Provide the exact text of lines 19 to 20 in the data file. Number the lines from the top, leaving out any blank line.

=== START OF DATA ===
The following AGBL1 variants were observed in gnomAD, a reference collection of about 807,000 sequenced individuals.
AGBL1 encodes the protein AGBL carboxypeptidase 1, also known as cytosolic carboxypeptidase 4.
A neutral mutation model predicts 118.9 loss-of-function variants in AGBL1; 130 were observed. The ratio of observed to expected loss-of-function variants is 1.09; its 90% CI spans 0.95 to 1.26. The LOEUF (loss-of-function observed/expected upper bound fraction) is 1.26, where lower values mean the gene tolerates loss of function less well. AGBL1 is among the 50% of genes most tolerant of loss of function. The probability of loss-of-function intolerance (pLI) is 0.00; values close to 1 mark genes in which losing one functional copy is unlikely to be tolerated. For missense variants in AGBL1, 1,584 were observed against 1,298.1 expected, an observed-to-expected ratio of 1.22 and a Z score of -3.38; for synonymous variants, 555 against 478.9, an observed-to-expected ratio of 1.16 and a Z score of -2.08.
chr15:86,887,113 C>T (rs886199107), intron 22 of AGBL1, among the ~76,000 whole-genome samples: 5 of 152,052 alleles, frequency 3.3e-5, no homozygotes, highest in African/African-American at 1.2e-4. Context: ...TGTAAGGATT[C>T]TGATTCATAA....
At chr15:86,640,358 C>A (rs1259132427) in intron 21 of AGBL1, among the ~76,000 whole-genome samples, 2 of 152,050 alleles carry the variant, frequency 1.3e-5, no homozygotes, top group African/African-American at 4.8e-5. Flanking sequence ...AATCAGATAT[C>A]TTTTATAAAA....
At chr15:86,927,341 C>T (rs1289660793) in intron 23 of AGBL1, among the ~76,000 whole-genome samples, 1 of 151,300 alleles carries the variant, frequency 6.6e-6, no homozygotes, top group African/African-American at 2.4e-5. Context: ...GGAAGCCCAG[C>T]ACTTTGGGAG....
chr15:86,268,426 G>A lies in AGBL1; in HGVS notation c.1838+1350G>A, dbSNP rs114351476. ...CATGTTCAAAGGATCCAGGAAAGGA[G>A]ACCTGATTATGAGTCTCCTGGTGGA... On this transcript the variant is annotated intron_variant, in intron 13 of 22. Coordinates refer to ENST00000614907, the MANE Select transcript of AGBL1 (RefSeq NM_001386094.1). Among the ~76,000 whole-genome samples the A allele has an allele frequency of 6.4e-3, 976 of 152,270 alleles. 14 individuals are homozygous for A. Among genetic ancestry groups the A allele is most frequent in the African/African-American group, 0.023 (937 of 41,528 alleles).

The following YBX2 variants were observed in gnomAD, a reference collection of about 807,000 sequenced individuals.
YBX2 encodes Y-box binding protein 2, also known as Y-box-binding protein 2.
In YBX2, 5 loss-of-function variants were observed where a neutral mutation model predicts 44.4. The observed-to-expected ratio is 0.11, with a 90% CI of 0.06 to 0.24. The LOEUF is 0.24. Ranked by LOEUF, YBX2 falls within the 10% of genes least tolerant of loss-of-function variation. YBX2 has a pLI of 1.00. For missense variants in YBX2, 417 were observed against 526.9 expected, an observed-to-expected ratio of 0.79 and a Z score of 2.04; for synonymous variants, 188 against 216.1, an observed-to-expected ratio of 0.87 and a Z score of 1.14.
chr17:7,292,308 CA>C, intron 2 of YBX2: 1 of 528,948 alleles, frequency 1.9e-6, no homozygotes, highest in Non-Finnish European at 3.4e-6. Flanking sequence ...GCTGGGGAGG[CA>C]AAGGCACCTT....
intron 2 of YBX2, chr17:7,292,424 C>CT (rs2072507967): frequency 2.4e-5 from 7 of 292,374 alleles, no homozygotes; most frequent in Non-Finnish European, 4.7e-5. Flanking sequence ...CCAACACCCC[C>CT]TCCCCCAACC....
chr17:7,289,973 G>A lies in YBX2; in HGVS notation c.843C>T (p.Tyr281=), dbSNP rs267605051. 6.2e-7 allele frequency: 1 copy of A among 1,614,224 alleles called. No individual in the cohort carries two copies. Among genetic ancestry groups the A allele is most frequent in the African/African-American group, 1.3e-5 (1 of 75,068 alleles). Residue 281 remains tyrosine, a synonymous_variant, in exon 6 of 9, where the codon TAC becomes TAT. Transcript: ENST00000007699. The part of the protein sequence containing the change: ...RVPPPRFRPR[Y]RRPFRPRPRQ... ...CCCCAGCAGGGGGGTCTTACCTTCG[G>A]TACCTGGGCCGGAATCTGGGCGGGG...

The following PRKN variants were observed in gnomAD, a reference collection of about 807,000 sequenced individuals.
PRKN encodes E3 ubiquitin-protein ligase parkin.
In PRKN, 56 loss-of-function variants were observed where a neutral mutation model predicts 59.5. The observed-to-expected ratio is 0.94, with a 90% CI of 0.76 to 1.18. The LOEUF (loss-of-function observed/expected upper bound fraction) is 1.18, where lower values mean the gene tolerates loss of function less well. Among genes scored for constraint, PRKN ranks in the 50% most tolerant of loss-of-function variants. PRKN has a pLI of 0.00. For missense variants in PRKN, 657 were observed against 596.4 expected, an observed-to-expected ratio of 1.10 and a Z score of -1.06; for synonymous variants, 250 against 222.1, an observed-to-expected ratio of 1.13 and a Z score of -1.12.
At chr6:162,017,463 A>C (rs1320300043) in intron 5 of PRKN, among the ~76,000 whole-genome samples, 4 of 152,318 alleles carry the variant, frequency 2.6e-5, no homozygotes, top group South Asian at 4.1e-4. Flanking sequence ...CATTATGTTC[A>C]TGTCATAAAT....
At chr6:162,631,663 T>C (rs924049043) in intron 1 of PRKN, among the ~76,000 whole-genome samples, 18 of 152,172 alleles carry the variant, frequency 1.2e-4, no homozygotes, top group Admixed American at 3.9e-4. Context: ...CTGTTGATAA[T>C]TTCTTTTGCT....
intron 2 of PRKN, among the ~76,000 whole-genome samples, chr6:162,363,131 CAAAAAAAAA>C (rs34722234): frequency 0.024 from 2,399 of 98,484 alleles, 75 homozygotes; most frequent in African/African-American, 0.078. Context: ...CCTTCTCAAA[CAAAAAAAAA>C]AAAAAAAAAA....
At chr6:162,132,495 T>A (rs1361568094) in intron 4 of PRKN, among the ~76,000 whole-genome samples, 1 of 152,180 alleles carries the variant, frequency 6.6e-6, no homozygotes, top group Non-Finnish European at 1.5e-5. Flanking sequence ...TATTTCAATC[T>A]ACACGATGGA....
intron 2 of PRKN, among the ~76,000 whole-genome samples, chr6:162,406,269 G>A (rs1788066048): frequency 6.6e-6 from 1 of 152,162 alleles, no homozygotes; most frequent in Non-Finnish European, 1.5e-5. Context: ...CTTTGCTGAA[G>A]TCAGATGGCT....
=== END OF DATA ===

intron 2 of PRKN, among the ~76,000 whole-genome samples, chr6:162,363,131 CAAAAAAAAA>C (rs34722234): frequency 0.024 from 2,399 of 98,484 alleles, 75 homozygotes; most frequent in African/African-American, 0.078. Context: ...CCTTCTCAAA[CAAAAAAAAA>C]AAAAAAAAAA....
At chr6:162,132,495 T>A (rs1361568094) in intron 4 of PRKN, among the ~76,000 whole-genome samples, 1 of 152,180 alleles carries the variant, frequency 6.6e-6, no homozygotes, top group Non-Finnish European at 1.5e-5. Flanking sequence ...TATTTCAATC[T>A]ACACGATGGA....